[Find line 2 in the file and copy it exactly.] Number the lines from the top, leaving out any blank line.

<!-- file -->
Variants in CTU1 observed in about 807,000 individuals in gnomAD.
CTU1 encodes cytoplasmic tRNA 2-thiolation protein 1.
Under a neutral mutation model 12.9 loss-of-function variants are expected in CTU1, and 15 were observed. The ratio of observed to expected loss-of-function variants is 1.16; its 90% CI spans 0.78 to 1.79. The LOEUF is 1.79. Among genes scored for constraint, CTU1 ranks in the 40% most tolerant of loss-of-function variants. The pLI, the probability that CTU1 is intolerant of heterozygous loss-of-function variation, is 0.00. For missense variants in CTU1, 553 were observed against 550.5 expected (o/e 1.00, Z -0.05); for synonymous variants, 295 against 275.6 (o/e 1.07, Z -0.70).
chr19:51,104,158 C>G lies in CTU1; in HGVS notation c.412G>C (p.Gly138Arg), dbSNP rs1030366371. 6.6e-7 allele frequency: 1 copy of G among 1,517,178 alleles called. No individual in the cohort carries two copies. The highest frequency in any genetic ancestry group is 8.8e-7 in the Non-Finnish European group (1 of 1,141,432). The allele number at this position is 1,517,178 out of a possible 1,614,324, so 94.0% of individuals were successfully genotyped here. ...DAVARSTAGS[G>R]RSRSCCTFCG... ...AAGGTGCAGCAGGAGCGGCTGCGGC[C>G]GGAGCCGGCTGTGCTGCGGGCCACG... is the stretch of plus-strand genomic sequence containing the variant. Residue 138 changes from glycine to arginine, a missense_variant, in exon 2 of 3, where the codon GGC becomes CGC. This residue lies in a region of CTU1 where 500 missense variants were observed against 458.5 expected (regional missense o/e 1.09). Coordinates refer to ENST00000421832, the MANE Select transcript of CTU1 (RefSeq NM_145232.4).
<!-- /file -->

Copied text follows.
CTU1 encodes cytoplasmic tRNA 2-thiolation protein 1.